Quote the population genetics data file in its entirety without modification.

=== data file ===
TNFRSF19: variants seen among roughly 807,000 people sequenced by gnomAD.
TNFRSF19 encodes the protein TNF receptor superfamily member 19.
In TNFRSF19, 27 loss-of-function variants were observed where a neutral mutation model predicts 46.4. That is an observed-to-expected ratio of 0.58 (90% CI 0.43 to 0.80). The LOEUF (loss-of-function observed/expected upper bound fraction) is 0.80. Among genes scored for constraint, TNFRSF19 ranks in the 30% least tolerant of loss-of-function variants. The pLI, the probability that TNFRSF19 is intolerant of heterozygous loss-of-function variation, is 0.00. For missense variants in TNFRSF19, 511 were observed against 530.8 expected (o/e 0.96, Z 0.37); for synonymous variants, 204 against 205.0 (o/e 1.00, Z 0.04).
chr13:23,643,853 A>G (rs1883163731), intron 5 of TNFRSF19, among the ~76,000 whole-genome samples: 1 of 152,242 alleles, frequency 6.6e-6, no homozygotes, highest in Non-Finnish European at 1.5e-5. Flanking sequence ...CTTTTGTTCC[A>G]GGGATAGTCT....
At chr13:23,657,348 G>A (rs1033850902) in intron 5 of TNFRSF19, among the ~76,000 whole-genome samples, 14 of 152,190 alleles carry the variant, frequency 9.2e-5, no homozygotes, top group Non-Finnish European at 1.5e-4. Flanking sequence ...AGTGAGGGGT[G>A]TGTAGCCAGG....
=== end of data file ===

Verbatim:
TNFRSF19: variants seen among roughly 807,000 people sequenced by gnomAD.
TNFRSF19 encodes the protein TNF receptor superfamily member 19.
In TNFRSF19, 27 loss-of-function variants were observed where a neutral mutation model predicts 46.4. That is an observed-to-expected ratio of 0.58 (90% CI 0.43 to 0.80). The LOEUF (loss-of-function observed/expected upper bound fraction) is 0.80. Among genes scored for constraint, TNFRSF19 ranks in the 30% least tolerant of loss-of-function variants. The pLI, the probability that TNFRSF19 is intolerant of heterozygous loss-of-function variation, is 0.00. For missense variants in TNFRSF19, 511 were observed against 530.8 expected (o/e 0.96, Z 0.37); for synonymous variants, 204 against 205.0 (o/e 1.00, Z 0.04).
chr13:23,643,853 A>G (rs1883163731), intron 5 of TNFRSF19, among the ~76,000 whole-genome samples: 1 of 152,242 alleles, frequency 6.6e-6, no homozygotes, highest in Non-Finnish European at 1.5e-5. Flanking sequence ...CTTTTGTTCC[A>G]GGGATAGTCT....
At chr13:23,657,348 G>A (rs1033850902) in intron 5 of TNFRSF19, among the ~76,000 whole-genome samples, 14 of 152,190 alleles carry the variant, frequency 9.2e-5, no homozygotes, top group Non-Finnish European at 1.5e-4. Flanking sequence ...AGTGAGGGGT[G>A]TGTAGCCAGG....